01/2019 journal articles
EXPLORING THE TRAJECTORIES OF QUALITY OF LIFE AND ITS COVARIATES IN NURSING HOME RESIDENTS: A LONGITUDINAL STUDY
I. Røen, J. Šaltyté Benth, Ø. Kirkevold, I. Testad, G. Selbæk, K. Engedal, S. Bergh
Jour Nursing Home Res 2019;5:8-19Show summaryHide summary
Background: There is no cure for dementia and appropriate care should be offered to improve or maintain quality of life for those living with dementia. Objectives: To identify groups of residents following similar trajectories of quality of life after nursing home admission, to examine which resident, staff, and organizational characteristics at baseline differ between the identified groups, and to assess the associations between the trend in quality of life and the same characteristics measured at baseline and over the study period. Design: A prospective, observational, longitudinal cohort design over 30 months. Setting: Nursing homes in Norway. Participants: Residents admitted to nursing homes. Measurements: Resident data on quality of life, dementia, pain, activities of daily living, physical health, neuropsychiatric symptoms, medication, and demographic characteristics were obtained by interviews. Unit characteristics and the staff data on person-centered care, psychosocial factors, and job satisfaction were obtained by questionnaires and interviews. The physical environment of the unit was assessed by structured observation. Results: 694 residents admitted to a nursing home and 1161 staff from 175 nursing home units participated. Three resident groups following similar trajectories in quality of life were identified by growth mixture model; good quality of life (53.6%), moderate quality of life (32.9%), and poor quality of life (13.4%). All groups’ quality of life decreased over time. More pain, more severe dementia, and more affective symptoms at baseline were associated with belonging to the poor quality of life group. Overall decline in quality of life was associated with more severe dementia, more pain, poorer function in activities of daily living, more severe neuropsychiatric symptoms among residents, and poorer job satisfaction among staff. Conclusion: Reducing pain, reducing NPS, improving activities of daily living for the residents, and improving the staff’s job satisfaction may be factors of importance to improve the residents’ quality of life.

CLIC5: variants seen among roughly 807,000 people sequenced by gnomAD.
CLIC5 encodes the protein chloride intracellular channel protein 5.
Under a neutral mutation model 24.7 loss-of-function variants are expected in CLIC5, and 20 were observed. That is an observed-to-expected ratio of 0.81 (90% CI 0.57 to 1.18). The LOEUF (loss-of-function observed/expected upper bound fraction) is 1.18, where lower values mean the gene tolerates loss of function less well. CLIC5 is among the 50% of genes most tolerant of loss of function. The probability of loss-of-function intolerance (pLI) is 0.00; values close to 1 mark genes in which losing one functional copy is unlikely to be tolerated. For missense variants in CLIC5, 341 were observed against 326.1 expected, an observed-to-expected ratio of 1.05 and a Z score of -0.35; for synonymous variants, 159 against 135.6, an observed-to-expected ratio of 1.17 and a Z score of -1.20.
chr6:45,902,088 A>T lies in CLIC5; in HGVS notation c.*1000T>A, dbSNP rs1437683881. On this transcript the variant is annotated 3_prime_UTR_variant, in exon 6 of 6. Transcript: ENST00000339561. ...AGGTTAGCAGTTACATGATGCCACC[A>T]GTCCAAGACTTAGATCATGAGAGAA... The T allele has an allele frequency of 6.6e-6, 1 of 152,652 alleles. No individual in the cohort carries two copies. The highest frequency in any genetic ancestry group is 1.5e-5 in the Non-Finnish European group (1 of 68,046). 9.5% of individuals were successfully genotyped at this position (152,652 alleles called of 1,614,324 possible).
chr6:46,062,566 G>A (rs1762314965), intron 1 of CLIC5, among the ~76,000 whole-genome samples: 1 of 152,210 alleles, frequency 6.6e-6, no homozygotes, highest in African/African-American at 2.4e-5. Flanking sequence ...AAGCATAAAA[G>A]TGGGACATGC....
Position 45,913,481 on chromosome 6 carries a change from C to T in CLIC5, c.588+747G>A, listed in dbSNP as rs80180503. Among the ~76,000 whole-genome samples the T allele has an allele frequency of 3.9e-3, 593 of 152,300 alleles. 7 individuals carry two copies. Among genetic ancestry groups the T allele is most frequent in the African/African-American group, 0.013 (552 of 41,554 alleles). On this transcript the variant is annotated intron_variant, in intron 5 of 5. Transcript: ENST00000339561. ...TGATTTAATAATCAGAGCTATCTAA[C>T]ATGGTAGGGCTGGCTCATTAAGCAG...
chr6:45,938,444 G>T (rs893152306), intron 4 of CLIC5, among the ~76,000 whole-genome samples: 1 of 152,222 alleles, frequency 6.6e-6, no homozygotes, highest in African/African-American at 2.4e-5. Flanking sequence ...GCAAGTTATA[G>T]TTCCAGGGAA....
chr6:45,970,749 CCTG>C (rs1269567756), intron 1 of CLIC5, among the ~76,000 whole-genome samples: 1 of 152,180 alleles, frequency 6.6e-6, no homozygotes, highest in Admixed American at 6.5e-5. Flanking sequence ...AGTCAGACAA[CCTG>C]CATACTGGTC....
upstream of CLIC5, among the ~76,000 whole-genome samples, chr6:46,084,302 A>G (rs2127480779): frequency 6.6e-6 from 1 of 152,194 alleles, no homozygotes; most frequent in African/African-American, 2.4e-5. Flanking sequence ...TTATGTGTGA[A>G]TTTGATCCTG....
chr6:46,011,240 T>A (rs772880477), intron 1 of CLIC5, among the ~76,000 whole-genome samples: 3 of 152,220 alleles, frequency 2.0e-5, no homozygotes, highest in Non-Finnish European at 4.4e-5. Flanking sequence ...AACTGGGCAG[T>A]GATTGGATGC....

I. Røen1 ; J. Šaltytė Benth ; Ø. Kirkevold ; I. Testad ; G. Selbæk ; K. Engedal ; S. Bergh (2019): Exploring the trajectories of Quality of Life and its covariates in nursing home residents: A longitudinal study. The Journal of Nursing Home Research Science (JNHRS). http://dx.doi.org/10.14283/jnhrs.2019.2
THE MEANING OF THE DEATH AND DYING OF TAIWANESE NURSING HOME RESIDENTS: THE NURSING STAFF’S VIEW
S.L. Tsai, J.F. Stocker, C.H. Tsai, S.H. Yeh
Jour Nursing Home Res 2019;5:1-7Show summaryHide summary
Background: The number of people living in long-term care (LTC) facilities has been rising in many parts of the world, and most current residents will end their lives in LTC facilities. The perceptions of residential care and practices in most current research of nursing homes (NHs) in Taiwan are based on evidence from an ego-centric rather than socio-cultural-centric model. Objectives: This study was designed to address the overlooked cultural aspect in NHs research and thereby advance understanding of how the NH staff in an East Asian setting perceive NH resident death and dying. Design: A qualitative study was designed in line with the hermeneutic phenomenological method. Data were collected via in-depth semi-structured interviews. Setting: The research was conducted in five hospital affiliated nursing homes and seven independent nursing homes in central and southern Taiwan. Participants: Through purposive sampling, twenty-five participants were recruited for interview, twelve registered nurses (RNs) and thirteen nursing aides (NAs). Measurements: An interview guide was used to produce the digitally-recorded contents, which was then transcribed verbatim and translated. The hermeneutic phenomenological analysis was conducted such that authors went back and forth through every interview text (parts) and the research questions (whole) until they reached a comprehensive understanding of the subject matter in terms of reduced, emerging themes. Results: Four themes were identified in the data analysis. They were ‘impact of a resident’s death,’ ‘reflections on entangled feelings,’ ‘insufficiencies.’ and ‘tremendous pressure of informing death.’ Conclusion: This qualitative study confirmed previous findings of non-Asian studies about the significance of ‘assessment of dying’ and ‘family communication’ in quality NH care. In addition, NH nurses were in need of palliative training in dying care. The nurses’ felt pressure due to family requests to send residents home for their ‘last breath,’ which was both the nurses’ most challenging work of care and the most culturally grounded aspect of it.
S.L. Tsai ; J.F. Stocker ; C.H. Tsai ; S.H. Yeh (2019): The meaning of the death and dying of Taiwanese nursing home residents: the nursing staff’s view. The Journal of Nursing Home Research Science (JNHRS). http://dx.doi.org/10.14283/jnhrs.2019.1